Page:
So the second call to Identity insert is superfluous. But I include it for readabilities sake.

Step2 B

So we need a way of executing the EF AddRange() and SaveChanges() methods in the same transaction scope as our Identity Insert ON statement.

Fortunately there is a way. Enter the TransactionScope class.

using (TransactionScope scope = new TransactionScope(TransactionScopeOption.Required))
      {
      using (var conn = new System.Data.SqlClient.SqlConnection(_connectionstring))
            {
                 conn.Open();
                 using (Context context = new Context(conn, false))
                        {
                            context.Database.ExecuteSqlCommand(@"SET IDENTITY_INSERT [dbo].[TableName] ON");
                            context.TableName.AddRange(items);

                            context.SaveChanges();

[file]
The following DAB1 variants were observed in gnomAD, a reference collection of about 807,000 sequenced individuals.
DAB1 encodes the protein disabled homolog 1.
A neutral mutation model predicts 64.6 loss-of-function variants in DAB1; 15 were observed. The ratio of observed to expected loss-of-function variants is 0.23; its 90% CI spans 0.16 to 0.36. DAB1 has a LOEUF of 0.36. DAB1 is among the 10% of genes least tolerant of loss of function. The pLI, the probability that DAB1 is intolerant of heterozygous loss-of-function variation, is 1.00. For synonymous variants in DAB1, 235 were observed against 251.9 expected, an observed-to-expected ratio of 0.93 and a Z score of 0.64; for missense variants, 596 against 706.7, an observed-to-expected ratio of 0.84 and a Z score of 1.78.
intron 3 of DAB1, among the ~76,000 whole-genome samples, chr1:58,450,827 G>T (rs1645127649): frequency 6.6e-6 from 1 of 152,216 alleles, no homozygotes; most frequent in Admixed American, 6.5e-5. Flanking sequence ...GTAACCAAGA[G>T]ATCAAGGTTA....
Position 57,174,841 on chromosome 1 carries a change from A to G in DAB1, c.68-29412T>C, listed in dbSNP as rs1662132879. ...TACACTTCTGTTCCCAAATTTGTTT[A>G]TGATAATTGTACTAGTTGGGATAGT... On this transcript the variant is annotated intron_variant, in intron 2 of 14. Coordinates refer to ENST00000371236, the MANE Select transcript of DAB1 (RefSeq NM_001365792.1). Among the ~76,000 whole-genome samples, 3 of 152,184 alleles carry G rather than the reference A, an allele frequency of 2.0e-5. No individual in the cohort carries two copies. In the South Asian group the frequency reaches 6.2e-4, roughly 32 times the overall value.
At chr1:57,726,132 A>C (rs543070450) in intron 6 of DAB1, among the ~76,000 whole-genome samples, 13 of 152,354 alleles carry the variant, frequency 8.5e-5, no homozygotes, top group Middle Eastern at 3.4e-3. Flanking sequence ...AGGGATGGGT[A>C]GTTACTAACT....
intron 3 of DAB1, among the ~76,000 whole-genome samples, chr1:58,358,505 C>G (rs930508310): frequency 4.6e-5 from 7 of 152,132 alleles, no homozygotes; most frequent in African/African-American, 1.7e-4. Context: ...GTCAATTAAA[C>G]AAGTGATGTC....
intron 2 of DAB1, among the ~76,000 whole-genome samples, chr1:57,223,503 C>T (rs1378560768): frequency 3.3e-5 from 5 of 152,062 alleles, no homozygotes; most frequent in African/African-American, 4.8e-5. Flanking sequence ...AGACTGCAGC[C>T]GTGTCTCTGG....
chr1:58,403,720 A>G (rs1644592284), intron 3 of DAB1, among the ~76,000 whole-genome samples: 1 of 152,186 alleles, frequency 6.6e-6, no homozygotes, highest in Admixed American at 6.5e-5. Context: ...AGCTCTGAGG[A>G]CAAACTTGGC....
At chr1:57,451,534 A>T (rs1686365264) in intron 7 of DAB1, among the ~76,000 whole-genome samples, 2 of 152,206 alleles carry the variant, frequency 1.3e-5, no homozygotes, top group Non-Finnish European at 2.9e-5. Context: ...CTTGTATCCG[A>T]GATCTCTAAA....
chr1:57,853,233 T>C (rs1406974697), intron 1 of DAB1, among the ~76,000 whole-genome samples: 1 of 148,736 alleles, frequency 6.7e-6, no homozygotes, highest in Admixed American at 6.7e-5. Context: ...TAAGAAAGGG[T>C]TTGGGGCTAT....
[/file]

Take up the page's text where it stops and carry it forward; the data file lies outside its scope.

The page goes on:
context.Database.ExecuteSqlCommand(@"SET IDENTITY_INSERT [dbo].[TableName] OFF");
                            scope.Complete();
                          }
                 }
       }

So what are we doing here?

We first create a TransactionScope object in a using block. The using block ensures that the TransactionScope Object will be destroyed once the flow of control leaves the using block.

In the body of the using block we create another using block and create a new SqlConnection Object and pass it our connection string. The SQLConnection will automatically be enrolled in the Transaction.

We create our third using block and we create a new version of our EF Database Context and pass it our open SqlConnection object for it to use internally. Note that we also pass false as a second parameter to the context constructor. This tells EF that it does not own the SqlConnection object and ensures that it plays nicely with the TransactionScope.

Except for the last line of the using block, the rest of the code is the same as our earlier attempt. The last line calls scope.Complete().